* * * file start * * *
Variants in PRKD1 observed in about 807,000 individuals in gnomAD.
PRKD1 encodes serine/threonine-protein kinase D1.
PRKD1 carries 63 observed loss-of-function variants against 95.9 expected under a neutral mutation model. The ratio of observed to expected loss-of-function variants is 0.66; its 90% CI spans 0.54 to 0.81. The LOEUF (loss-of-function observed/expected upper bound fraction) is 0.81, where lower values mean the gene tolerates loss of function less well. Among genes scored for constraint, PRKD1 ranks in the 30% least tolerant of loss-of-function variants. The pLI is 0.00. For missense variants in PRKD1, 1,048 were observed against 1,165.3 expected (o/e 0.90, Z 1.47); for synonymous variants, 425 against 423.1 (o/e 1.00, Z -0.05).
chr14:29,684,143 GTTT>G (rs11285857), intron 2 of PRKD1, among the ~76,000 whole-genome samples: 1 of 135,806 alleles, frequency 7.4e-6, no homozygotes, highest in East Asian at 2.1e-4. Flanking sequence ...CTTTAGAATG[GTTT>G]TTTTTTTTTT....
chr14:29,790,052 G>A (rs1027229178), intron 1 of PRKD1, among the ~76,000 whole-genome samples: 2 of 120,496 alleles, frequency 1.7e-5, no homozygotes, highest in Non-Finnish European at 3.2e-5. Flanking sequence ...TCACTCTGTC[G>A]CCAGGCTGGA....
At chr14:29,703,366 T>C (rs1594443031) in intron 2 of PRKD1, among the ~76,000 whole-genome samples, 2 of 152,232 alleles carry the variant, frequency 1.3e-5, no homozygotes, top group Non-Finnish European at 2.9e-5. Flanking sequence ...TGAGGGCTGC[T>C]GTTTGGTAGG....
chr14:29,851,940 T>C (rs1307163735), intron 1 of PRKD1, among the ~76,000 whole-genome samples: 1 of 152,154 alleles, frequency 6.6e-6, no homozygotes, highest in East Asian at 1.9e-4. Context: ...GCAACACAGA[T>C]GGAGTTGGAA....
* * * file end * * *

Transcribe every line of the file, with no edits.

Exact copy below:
Variants in PRKD1 observed in about 807,000 individuals in gnomAD.
PRKD1 encodes serine/threonine-protein kinase D1.
PRKD1 carries 63 observed loss-of-function variants against 95.9 expected under a neutral mutation model. The ratio of observed to expected loss-of-function variants is 0.66; its 90% CI spans 0.54 to 0.81. The LOEUF (loss-of-function observed/expected upper bound fraction) is 0.81, where lower values mean the gene tolerates loss of function less well. Among genes scored for constraint, PRKD1 ranks in the 30% least tolerant of loss-of-function variants. The pLI is 0.00. For missense variants in PRKD1, 1,048 were observed against 1,165.3 expected (o/e 0.90, Z 1.47); for synonymous variants, 425 against 423.1 (o/e 1.00, Z -0.05).
chr14:29,684,143 GTTT>G (rs11285857), intron 2 of PRKD1, among the ~76,000 whole-genome samples: 1 of 135,806 alleles, frequency 7.4e-6, no homozygotes, highest in East Asian at 2.1e-4. Flanking sequence ...CTTTAGAATG[GTTT>G]TTTTTTTTTT....
chr14:29,790,052 G>A (rs1027229178), intron 1 of PRKD1, among the ~76,000 whole-genome samples: 2 of 120,496 alleles, frequency 1.7e-5, no homozygotes, highest in Non-Finnish European at 3.2e-5. Flanking sequence ...TCACTCTGTC[G>A]CCAGGCTGGA....
At chr14:29,703,366 T>C (rs1594443031) in intron 2 of PRKD1, among the ~76,000 whole-genome samples, 2 of 152,232 alleles carry the variant, frequency 1.3e-5, no homozygotes, top group Non-Finnish European at 2.9e-5. Flanking sequence ...TGAGGGCTGC[T>C]GTTTGGTAGG....
chr14:29,851,940 T>C (rs1307163735), intron 1 of PRKD1, among the ~76,000 whole-genome samples: 1 of 152,154 alleles, frequency 6.6e-6, no homozygotes, highest in East Asian at 1.9e-4. Context: ...GCAACACAGA[T>C]GGAGTTGGAA....